It was only when he asked why the men had attacked me and I'd answered him honestly, that I became aware that maybe I was more concussed than I had realized. Even to this day I remember the chill that coursed through my body as I said, 'Because I'm gay'. I braced myself, knowing that if he chose to, he could end my life, or at least throw me out on the street.
Indeed when his face became grim and his eyes flashed, I tensed, waiting for . . . Something. But all he growled was, 'Bastards. Pity I didn't them harder'. And he returned to talking to me about his time in the Marines. For a moment I wondered if I had slipped into a kind of daze, and was no longer in reality. However, I was. I had just come across a heterosexual person for whom my sexual preference apparently didn't matter at all.
To this day a small part of me still marvels at it.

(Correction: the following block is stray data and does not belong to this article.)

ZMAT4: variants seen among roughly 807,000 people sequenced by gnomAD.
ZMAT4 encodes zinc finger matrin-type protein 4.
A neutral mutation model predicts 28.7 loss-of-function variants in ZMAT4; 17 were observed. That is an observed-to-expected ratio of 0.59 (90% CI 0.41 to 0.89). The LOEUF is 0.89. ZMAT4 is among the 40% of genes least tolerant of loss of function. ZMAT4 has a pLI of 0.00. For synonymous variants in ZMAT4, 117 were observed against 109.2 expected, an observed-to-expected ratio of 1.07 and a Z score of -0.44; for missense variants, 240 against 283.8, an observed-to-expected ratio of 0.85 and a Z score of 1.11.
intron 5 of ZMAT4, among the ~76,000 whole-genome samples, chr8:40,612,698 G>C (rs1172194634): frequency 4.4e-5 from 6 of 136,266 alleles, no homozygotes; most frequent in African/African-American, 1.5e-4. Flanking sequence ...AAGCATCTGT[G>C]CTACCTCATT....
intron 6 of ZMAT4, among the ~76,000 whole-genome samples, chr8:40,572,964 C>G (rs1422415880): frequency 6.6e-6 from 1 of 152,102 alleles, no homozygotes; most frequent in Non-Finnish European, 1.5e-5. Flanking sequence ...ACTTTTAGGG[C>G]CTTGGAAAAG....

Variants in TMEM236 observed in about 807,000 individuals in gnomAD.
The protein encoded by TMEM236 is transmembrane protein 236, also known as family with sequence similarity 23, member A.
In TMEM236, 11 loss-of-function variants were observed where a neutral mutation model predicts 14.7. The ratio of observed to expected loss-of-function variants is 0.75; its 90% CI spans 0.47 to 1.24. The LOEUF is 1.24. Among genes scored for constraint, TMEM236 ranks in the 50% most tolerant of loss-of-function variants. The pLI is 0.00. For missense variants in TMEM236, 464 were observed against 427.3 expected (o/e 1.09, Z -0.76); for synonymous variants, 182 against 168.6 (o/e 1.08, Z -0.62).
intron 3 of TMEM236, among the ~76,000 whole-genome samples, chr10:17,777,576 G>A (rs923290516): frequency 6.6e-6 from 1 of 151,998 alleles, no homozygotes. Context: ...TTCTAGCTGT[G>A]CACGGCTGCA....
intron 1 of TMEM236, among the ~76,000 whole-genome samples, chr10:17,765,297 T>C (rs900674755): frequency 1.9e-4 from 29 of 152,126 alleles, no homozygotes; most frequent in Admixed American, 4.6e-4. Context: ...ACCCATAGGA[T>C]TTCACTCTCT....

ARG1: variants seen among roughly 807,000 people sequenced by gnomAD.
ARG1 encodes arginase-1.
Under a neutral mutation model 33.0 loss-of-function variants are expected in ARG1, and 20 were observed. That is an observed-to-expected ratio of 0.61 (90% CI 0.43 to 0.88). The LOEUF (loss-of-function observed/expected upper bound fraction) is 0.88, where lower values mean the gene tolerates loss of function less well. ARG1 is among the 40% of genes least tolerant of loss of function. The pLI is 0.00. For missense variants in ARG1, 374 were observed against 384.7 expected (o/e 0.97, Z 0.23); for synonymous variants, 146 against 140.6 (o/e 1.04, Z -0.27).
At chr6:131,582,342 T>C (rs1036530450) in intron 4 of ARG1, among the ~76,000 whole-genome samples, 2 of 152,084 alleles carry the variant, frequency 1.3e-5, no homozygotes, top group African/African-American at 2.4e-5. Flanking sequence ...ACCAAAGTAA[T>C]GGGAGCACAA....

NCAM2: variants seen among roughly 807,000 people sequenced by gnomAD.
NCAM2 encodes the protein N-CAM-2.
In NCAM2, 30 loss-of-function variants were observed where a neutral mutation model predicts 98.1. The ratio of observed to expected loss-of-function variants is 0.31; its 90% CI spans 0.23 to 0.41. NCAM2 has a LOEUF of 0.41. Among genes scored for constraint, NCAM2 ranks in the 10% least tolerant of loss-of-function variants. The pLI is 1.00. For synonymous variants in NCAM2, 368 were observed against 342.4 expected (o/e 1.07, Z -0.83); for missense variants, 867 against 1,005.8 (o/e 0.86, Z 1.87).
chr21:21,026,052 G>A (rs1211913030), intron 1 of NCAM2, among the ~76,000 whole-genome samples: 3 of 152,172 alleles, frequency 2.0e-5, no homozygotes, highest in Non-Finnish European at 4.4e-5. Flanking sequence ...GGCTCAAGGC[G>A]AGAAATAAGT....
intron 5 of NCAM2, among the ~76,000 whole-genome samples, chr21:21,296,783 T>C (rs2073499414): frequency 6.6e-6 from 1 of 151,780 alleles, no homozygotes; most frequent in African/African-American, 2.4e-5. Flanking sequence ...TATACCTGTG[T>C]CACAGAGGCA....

We didn't become lovers then, that didn't happen for some years; mostly because I kept on refusing him. I believed that I knew what he wanted better than he did himself. I do occasionally wonder whether had I not refused him, he would still have had three ex-wives and several disastrous affairs to haunt him - not to mention the painful memories of his dear Shannon and Kelly.
It is not the only time Jethro has rescued me. Indeed over the years he has been my knight in shinning armor, my, to borrow the Japanese term omamori: my honorable protector, and not just mine. By his choice of career, Jethro is, and always has been, a protector; he has always known that he might have to give his life at any time for his country, and now for the agency for which he works. He and his fellow agents would die to protect others.
I am resting in his arms now, my head on his shoulder, held tightly by him; however, he is the one who has fallen asleep. Once again, he came to my rescue. Once again I owe him my life. Once again he saved me. This time it was close; I was closer to death than even on that very first time. There was nothing I could do, except lay there, strapped to the table, unable to cry out, able only to count down the seconds, the minutes, it would take for my body to be emptied of blood.